Thomas had therapy yesterday. It's usually on Thursday's but since this Thursday is Thanksgiving I moved the appointment to yesterday. My original intent for doing that was to talk about this "demon" delusion of Thomas's and his "urge to harm". We covered that in the first part, set up safeguards for him and for me when things get really bad and Dr. K. and I tried and succeeded to get Thomas to commit to the new plan. Using a traffic light as a gauge we decided the yellow light meant that he was getting angry and needed to do some relaxation techniques and back away from stressful things and a red light, which was set up for me mostly, was to indicate that Thomas had gone over the edge where relaxation would no longer work but straight up removing himself from the situation was the only answer. I was instructed by Dr. K. to point out the red light times to Thomas and he asked me if I felt comfortable doing it. I don't know why I said I would, though I was hesitant in my answer, because I truly am scared of Thomas in those times, though they are rare. I grew up in a household where red light anger happened a lot and I can't imagine a time when I could have ever said "hey, you're a red light" without some kind of unpleasant consequence. I think that's why I'm not comfortable doing it now with Thomas. I'm afraid of anger. I'm afraid of anger, I'm afraid of it's destruction and I'm afraid for my safety. I learned throughout my life that if I could run the other way from it then by all means, DO IT. Now I'm still not sure I would stay in the situation now with Thomas especially after Dr. K. asked Thomas how he would feel if I told him a he was a red light and Thomas's answer was "I don't know." Good God. NOT what I want to hear when I'm thinking about diffusing a situation. I don't want an "I don't know what I'd do" to turn into my safety being at stake. Needless to say, this red light thing is something I am just going to have to practice in my head enough and remind myself that I'll come through the situation okay if I choose to do it.

Then, in the hours before session I thought a lot about how Thomas did that weird "coming into focus on me" thing that he did on Monday night. I have to say, not in a traditional way, but in some way I can't put words to, it scared me. Having Thomas appear to be able to see into the center of my soul scared me. Please don't misinterpret the use of the word scared because it wasn't like I fear for my life or something. Not in the least. It was just the fact that he went from being completely gone to appearing to be right here, right now, in the moment. So, before therapy I wrote an emergency email to Dr. K. asking him if he thought Thomas might be dissociating. For those of you who don't know about or understand it totally, it is defined as a separation of normally related mental processes, resulting in one group functioning independently from the rest. In it's most extreme form it leads to multiple personality disorder but THAT IS NOT WHAT I'M TALKING ABOUT WITH THOMAS. I DO NOT BELIEVE HE HAS MULTIPLE PERSONALITIES. I am fully aware that the general public thinks that schizophrenia is multiple personality disorder and I don't want to feed that misconception. What I am talking about with Thomas is something called "depersonalization or derealization" which means a state in which one's thoughts and feelings seem unreal or not to belong to oneself. After listening to Thomas talk about what he feels, Dr. K. thought Thomas might be dealing with that.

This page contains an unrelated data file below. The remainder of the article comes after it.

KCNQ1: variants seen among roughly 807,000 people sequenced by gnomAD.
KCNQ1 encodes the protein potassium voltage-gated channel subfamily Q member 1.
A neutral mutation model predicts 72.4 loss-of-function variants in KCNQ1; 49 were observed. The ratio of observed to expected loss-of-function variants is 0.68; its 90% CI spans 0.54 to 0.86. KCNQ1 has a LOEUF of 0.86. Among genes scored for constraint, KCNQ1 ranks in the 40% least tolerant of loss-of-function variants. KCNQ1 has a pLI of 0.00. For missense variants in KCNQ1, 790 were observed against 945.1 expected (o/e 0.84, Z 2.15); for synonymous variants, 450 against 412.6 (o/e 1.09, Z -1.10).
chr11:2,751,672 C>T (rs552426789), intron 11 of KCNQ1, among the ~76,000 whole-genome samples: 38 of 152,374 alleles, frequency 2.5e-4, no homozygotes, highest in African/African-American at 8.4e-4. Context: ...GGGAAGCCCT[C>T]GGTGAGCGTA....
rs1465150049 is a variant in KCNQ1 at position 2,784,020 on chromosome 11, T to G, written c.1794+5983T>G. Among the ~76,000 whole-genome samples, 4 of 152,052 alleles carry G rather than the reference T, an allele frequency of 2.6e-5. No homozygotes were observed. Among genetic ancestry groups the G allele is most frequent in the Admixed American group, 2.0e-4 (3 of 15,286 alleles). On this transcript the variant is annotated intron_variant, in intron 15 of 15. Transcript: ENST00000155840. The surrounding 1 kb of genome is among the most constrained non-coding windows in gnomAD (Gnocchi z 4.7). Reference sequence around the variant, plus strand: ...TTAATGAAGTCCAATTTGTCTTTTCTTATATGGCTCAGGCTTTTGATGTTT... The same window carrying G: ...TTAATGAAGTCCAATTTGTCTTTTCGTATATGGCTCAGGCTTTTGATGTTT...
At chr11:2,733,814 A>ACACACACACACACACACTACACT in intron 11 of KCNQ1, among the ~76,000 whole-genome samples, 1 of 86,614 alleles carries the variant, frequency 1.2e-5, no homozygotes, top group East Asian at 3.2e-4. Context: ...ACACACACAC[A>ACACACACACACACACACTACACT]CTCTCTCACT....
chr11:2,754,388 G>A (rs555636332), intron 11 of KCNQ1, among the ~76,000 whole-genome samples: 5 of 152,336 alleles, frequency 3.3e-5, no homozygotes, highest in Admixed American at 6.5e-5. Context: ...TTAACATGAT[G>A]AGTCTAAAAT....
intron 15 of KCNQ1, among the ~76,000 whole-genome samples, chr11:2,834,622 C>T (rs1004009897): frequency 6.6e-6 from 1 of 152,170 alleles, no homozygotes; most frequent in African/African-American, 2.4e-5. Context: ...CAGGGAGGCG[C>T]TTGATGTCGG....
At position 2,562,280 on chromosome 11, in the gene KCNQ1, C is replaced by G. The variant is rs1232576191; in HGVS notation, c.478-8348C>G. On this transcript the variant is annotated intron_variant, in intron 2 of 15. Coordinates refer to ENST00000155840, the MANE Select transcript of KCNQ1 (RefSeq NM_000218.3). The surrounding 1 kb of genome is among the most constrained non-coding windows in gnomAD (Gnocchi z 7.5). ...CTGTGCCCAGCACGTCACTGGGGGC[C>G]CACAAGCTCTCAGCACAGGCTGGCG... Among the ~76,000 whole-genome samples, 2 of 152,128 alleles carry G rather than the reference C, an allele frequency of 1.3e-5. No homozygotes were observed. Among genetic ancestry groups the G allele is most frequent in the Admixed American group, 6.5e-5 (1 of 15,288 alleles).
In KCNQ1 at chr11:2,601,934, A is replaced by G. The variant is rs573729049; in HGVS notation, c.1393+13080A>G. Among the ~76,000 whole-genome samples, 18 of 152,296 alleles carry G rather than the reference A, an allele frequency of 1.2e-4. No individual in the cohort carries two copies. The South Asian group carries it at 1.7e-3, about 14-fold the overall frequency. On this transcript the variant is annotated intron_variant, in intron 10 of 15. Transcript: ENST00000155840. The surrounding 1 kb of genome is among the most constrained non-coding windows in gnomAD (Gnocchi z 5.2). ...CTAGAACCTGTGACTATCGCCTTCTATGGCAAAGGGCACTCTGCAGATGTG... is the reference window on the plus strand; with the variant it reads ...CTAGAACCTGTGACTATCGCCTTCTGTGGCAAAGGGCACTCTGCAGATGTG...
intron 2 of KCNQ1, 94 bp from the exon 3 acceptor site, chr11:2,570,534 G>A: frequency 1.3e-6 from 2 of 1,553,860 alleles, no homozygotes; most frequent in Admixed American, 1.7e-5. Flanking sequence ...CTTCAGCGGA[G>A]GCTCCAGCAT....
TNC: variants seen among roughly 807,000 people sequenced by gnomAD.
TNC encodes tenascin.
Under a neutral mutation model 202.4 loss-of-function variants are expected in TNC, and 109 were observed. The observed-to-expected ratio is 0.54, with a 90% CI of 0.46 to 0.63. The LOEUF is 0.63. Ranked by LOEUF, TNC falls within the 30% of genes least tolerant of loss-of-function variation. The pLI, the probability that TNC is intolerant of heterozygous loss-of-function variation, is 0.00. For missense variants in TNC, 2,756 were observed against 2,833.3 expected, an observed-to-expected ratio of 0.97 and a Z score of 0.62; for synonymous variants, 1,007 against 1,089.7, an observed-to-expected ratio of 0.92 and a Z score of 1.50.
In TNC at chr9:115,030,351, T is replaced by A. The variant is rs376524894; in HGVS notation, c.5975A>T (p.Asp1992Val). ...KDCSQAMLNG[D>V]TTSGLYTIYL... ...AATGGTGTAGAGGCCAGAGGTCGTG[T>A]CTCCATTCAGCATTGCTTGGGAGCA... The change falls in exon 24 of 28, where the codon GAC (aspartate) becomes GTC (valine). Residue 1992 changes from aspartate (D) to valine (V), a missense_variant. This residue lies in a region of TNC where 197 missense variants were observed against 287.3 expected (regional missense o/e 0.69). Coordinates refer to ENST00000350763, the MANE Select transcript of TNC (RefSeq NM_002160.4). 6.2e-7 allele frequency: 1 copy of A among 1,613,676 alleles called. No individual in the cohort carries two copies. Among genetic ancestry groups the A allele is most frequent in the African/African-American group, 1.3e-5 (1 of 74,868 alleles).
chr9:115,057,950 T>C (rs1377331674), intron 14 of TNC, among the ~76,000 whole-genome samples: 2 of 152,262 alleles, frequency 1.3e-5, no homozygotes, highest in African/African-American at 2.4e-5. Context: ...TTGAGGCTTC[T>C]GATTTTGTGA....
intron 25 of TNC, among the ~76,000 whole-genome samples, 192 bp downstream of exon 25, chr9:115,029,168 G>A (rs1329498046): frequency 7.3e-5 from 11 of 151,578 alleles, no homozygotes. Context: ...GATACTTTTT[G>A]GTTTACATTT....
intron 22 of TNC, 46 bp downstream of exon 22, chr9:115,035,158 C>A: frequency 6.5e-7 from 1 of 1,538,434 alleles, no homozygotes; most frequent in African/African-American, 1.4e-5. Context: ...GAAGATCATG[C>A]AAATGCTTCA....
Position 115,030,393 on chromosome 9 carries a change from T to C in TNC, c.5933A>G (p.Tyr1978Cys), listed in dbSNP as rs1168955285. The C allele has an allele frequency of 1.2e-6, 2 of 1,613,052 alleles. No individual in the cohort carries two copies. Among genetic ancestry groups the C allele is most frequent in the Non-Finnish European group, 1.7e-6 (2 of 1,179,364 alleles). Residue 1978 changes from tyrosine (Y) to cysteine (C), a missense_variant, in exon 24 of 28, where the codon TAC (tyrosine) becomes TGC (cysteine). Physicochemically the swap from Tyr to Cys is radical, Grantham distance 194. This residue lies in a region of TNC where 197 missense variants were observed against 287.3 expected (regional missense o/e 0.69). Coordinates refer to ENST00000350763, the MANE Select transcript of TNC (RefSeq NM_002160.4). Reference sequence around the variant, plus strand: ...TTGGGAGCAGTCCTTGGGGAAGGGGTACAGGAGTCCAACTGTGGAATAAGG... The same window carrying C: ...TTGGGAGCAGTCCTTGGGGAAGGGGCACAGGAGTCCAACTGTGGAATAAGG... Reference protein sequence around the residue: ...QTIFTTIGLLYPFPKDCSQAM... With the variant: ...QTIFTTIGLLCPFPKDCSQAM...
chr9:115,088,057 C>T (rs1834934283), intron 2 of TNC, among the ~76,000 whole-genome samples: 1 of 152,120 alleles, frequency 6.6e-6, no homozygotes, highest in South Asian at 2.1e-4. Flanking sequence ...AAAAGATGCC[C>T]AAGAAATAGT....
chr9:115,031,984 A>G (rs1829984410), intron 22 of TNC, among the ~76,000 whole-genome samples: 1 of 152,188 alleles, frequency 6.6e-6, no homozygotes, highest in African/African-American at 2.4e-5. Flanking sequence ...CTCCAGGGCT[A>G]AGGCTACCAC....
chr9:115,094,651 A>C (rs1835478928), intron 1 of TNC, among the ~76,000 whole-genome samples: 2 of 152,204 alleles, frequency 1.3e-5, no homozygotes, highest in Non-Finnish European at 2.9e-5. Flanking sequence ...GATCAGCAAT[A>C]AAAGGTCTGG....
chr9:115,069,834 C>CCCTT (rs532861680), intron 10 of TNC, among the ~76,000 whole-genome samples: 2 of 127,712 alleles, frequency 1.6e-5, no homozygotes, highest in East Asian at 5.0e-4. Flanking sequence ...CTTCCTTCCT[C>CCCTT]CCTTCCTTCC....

What precipitated the thought that might be happening to Thomas were my experiences with him lately, especially Monday night but also a couple of other times this month. Then with some gentle questioning Dr. K. and I learned that Thomas (like on Monday night) began to feel like he was in slow motion, like his actions (of putting things on the shelf for example) were slowing down. Then he said he was in a kind of fog. It was that fog that I found Thomas in and it was that fog from which I retrieved him Monday night. With further questioning I learned that he feels, when he's in that foggy, slowed down state of mind, that he feels like he's standing outside of himself watching himself do something and also that he's falling down a dark tunnel. Clearly, and if you know dissociation or have seen it in your loved ones, it is a disconcerting experience as an observer. I asked Thomas if he felt like he was falling down that tunnel, could I talk to him and get him out of it so he could continue to stay at work? He said it wouldn't work and that he'd want to come home.